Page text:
Galilee earthquake of 363

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Galilee earthquake of 363
Date May 18 & 19, 363[1]
Epicenter Galilee
Areas affected Syria-Palaestina province of Byzantine Empire
Max. intensity VII EMS-92[2]

The Galilee earthquake of 363 was a pair of severe earthquakes that shook the Galilee and nearby regions on May 18 and 19.[3] The maximum perceived intensity for the events was estimated to be VII (Very strong) on the Medvedev-Sponheuer-Karnik scale. The earthquakes occurred on the portion of the Dead Sea Transform (DST) fault system between the Dead Sea and the Gulf of Aqaba.


Remains of the Nabratein synagogue, 2005

Tzippori, north-northwest of Nazareth, was severely damaged. Nabratein and the Nabratein synagogue (northeast of Safed) were destroyed.[4] The earthquake may have been responsible for the failure of the plan to rebuild the Temple in Jerusalem with the permission of the Emperor Julian.[5] Julian's support of Jews, coming after the hostility of many earlier Emperors, meant that Jews called him Julian the Hellene.[6]

See also[edit]


  1. ^ Ferry, Matthieu; Meghraoui, Mustapha; Abou Karaki, Najib; Al-Taj, Masdouq; Khalil, Lutfi (2011). "Episodic behavior of the Jordan Valley section of the Dead Sea fault inferred from a 14-ka-long integrated catalog of large earthquakes". Bulletin of the Seismological Society of America (Seismological Society of America) 101 (1): 48. doi:10.1785/0120100097.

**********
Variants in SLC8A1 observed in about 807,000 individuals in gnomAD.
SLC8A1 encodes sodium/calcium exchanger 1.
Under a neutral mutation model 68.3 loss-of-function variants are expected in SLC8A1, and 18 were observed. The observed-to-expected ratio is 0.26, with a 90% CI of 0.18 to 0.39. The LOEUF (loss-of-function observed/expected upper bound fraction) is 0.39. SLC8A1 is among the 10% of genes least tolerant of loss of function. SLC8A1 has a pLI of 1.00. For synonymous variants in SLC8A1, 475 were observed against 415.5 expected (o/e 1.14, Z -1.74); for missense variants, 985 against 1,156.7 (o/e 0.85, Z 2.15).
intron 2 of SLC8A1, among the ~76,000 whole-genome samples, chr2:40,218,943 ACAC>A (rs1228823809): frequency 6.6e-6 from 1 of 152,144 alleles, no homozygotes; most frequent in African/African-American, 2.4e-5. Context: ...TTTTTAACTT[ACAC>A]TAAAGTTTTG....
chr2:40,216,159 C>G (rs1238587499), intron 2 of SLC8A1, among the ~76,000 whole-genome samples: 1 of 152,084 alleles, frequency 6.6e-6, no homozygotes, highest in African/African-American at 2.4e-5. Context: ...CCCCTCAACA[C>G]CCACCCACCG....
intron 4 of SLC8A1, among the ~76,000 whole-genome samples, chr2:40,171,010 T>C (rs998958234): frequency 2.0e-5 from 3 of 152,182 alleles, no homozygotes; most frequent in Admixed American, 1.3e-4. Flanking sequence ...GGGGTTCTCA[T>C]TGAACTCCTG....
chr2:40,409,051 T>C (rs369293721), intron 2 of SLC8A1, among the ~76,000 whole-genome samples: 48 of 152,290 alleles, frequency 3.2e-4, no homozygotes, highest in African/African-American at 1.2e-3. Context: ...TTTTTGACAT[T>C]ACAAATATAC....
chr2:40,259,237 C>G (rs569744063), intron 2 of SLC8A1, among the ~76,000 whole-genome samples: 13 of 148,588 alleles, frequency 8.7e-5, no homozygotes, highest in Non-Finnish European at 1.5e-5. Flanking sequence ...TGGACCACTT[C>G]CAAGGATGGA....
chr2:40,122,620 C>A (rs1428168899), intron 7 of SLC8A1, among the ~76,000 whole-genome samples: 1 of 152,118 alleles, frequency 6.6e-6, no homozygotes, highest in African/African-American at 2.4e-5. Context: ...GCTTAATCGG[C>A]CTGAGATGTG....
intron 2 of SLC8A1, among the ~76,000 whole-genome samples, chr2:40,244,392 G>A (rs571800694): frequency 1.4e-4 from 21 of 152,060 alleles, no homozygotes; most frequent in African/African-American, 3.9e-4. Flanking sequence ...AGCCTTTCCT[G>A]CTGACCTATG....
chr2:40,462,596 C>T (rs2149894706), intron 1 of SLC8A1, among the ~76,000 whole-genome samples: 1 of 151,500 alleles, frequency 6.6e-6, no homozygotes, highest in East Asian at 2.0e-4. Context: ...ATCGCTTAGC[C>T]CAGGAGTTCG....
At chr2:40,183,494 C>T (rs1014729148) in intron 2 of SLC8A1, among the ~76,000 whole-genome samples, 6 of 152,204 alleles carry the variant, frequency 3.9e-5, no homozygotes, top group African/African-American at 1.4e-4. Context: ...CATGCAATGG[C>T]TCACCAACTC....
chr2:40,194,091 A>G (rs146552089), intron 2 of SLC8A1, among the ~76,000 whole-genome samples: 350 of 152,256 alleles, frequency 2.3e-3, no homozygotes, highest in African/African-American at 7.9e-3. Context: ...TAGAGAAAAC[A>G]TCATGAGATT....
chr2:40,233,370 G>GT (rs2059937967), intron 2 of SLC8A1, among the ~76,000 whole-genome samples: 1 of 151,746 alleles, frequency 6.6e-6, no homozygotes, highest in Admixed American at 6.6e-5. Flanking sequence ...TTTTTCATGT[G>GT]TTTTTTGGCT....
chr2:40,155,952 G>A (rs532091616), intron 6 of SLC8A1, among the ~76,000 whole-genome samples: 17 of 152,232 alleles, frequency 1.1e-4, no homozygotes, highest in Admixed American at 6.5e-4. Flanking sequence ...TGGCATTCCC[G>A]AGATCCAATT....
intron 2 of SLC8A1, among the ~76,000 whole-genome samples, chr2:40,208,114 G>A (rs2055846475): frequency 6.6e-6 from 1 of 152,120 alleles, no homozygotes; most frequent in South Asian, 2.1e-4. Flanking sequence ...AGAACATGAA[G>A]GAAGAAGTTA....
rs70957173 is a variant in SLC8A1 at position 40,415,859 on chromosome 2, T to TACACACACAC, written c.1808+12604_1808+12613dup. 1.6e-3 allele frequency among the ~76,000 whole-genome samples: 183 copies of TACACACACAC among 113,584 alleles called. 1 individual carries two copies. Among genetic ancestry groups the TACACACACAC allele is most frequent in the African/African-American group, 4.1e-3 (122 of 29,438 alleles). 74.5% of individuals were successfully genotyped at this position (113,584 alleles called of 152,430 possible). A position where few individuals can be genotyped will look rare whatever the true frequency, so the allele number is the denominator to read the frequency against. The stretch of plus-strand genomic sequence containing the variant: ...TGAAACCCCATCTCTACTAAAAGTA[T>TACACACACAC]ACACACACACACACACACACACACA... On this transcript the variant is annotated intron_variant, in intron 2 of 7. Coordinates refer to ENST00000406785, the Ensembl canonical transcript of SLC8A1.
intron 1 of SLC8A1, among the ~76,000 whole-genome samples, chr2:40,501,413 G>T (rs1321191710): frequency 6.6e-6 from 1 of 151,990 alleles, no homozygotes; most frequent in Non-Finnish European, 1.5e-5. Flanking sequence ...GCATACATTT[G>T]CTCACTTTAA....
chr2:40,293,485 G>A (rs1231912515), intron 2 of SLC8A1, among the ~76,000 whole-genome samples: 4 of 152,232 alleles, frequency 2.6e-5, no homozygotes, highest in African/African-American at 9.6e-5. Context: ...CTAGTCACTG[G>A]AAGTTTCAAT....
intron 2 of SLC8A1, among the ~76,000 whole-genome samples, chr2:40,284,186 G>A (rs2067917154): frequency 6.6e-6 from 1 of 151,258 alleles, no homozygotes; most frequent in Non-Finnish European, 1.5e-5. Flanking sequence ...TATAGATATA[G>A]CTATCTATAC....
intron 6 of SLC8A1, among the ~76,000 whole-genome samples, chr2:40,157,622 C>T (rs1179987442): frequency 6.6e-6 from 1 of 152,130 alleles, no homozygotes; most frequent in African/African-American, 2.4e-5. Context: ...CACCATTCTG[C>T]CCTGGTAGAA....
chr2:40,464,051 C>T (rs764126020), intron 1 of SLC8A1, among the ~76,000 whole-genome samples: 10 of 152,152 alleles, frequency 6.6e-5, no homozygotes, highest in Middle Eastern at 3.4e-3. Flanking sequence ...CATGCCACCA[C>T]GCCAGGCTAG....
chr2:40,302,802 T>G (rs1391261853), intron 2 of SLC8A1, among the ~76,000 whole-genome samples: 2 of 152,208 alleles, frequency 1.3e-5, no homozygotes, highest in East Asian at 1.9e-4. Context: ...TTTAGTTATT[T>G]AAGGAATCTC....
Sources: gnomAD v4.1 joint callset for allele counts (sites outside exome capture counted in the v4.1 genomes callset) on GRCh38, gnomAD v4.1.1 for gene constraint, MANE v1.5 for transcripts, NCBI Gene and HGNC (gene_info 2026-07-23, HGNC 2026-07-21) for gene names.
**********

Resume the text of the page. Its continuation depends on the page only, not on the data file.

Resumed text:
2. ^ Sbeinati, Mohamed Reda; Darawcheh, Ryad; Mouty, Mikhail (June 2005), "The historical earthquakes of Syria – an analysis of large and moderate earthquakes from 1365 B.C. to 1900 A.D." (PDF), Annals of Geophysics (Istituto Nazionale di Geofisica e Vulcanologia) 48 (3): 407 
  3. ^ Safrai, Zeev (1998). Missing Century: Palestine in the Fifth Century: Growth and Decline. Peeters Publishers. pp. 86–7. ISBN 978-9068319859. 
  4. ^ Meyers, Eric M.; Strange, James F.; Meyers, Carol L. (Spring 1982). "Second Preliminary Report on the 1981 Excavations at en-Nabratein, Israel". Bulletin of the American Schools of Oriental Research (American Schools of Oriental Research) (246): 35–54. 
  5. ^ "Jewish History Sourcebook: Julian and the Jews 361-363 CE". Fordham University. 
  6. ^ Falk, Avner (1996). A Psychoanalytic History of the Jews. Fairleigh Dickinson University Press. p. 343. ISBN 978-0-8386-3660-2. 

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